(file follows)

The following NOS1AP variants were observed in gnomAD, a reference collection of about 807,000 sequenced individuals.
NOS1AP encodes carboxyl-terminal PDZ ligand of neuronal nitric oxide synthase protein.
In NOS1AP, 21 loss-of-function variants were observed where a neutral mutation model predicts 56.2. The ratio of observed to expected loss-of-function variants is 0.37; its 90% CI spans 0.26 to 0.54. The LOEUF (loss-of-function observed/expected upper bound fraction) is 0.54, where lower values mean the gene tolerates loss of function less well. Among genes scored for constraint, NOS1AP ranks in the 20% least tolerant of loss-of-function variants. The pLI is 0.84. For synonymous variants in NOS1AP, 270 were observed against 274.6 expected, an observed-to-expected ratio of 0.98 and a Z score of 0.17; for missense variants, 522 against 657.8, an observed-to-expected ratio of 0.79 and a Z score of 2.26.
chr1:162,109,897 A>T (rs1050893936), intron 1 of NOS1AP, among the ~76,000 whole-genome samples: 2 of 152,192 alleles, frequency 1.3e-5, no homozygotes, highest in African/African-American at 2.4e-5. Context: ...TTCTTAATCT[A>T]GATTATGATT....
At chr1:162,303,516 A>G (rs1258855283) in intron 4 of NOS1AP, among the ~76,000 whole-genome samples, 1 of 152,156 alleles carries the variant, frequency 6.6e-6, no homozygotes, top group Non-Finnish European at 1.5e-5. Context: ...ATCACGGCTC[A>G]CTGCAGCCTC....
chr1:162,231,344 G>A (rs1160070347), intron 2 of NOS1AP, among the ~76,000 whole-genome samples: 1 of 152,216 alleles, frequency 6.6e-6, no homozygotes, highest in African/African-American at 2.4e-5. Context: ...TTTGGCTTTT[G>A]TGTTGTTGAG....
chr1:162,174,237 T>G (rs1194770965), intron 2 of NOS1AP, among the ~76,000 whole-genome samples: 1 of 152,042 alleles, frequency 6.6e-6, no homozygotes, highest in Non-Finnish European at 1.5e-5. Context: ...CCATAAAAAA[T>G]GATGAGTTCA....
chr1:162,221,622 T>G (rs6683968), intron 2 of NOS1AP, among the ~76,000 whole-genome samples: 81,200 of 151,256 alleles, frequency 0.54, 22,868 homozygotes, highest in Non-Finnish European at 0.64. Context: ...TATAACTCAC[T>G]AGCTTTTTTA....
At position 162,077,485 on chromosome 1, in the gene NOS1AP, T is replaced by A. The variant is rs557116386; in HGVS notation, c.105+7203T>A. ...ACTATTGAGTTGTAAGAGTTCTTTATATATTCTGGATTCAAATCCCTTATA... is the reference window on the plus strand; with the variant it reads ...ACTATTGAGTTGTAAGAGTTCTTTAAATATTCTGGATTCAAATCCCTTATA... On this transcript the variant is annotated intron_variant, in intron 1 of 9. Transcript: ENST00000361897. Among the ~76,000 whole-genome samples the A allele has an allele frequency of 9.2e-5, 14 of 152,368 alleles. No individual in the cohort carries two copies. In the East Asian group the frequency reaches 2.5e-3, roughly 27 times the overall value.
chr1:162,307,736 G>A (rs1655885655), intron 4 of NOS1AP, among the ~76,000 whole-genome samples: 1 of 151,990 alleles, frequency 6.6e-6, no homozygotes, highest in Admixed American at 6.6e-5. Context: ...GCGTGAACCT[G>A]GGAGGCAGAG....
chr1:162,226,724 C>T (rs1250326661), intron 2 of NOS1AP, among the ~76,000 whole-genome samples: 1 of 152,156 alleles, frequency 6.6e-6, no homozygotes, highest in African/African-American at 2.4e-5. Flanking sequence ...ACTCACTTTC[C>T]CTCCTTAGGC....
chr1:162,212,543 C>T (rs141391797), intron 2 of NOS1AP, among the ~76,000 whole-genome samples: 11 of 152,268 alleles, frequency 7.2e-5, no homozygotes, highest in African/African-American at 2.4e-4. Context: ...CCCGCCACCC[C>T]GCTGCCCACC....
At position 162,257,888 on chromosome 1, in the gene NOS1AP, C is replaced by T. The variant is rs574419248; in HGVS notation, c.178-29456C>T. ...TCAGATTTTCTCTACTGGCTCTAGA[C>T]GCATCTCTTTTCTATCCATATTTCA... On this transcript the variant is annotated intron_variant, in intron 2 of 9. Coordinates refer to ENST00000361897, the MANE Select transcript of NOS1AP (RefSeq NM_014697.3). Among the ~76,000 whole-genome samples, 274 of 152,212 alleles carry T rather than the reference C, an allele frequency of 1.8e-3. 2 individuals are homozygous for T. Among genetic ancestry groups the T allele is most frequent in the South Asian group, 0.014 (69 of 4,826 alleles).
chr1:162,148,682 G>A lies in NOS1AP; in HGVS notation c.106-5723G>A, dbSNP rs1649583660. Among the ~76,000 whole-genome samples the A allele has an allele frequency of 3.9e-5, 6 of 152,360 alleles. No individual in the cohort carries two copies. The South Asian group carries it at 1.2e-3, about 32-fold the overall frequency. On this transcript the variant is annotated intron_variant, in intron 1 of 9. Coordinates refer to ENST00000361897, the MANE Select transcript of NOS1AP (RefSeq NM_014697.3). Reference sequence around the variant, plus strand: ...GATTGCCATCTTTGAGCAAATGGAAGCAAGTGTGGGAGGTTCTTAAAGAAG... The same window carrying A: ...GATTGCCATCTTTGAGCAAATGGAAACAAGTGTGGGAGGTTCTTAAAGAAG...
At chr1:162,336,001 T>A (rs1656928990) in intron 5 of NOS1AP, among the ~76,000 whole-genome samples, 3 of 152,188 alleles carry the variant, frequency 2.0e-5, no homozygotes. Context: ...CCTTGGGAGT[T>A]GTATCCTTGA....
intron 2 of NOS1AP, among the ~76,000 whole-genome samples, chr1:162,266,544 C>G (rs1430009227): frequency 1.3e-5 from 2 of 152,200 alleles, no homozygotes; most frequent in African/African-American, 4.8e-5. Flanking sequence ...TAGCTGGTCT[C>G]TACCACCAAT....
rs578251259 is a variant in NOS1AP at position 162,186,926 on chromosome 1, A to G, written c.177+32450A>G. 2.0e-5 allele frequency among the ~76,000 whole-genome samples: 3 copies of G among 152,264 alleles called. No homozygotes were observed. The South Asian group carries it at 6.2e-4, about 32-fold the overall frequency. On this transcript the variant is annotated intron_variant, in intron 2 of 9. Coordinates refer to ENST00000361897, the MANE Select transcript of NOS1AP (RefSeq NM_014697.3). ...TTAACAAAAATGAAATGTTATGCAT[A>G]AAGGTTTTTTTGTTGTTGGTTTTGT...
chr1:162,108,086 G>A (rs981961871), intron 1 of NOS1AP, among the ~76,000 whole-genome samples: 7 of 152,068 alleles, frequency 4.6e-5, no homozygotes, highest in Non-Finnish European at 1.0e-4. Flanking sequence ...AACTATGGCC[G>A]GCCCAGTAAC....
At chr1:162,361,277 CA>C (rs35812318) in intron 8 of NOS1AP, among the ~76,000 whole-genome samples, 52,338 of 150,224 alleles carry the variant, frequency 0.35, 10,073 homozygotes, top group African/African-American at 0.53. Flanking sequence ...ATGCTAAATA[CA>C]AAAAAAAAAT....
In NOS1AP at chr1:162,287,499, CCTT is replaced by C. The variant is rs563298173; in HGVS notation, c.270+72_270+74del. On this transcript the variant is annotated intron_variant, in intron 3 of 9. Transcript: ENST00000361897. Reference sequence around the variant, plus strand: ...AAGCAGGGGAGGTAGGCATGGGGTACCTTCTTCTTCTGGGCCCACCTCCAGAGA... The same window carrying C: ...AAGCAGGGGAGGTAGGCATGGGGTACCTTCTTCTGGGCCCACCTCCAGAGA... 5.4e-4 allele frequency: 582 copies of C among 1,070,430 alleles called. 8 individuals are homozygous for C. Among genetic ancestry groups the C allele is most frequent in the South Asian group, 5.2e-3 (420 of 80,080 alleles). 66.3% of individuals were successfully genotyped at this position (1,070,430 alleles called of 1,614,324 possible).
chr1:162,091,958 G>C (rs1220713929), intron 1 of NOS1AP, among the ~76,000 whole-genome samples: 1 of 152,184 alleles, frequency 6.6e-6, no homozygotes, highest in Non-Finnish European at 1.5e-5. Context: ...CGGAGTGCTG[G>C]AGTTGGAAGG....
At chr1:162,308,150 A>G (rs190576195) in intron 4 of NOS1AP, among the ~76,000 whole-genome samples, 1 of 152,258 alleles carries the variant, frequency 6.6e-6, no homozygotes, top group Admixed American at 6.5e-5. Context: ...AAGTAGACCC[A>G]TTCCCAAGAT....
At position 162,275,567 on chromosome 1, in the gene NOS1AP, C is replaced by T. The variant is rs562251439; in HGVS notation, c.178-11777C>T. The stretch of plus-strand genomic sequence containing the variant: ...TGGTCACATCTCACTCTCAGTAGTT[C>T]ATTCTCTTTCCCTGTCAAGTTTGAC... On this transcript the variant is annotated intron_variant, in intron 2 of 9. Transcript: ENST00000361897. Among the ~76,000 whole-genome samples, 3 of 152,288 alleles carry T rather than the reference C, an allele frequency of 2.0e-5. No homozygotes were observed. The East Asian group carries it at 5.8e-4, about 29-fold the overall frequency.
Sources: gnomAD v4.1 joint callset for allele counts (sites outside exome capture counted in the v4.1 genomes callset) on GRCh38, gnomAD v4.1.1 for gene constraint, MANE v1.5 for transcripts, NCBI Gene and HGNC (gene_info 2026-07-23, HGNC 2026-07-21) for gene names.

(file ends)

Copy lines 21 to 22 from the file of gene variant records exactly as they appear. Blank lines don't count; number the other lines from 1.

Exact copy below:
chr1:162,091,958 G>C (rs1220713929), intron 1 of NOS1AP, among the ~76,000 whole-genome samples: 1 of 152,184 alleles, frequency 6.6e-6, no homozygotes, highest in Non-Finnish European at 1.5e-5. Context: ...CGGAGTGCTG[G>C]AGTTGGAAGG....
At chr1:162,308,150 A>G (rs190576195) in intron 4 of NOS1AP, among the ~76,000 whole-genome samples, 1 of 152,258 alleles carries the variant, frequency 6.6e-6, no homozygotes, top group Admixed American at 6.5e-5. Context: ...AAGTAGACCC[A>G]TTCCCAAGAT....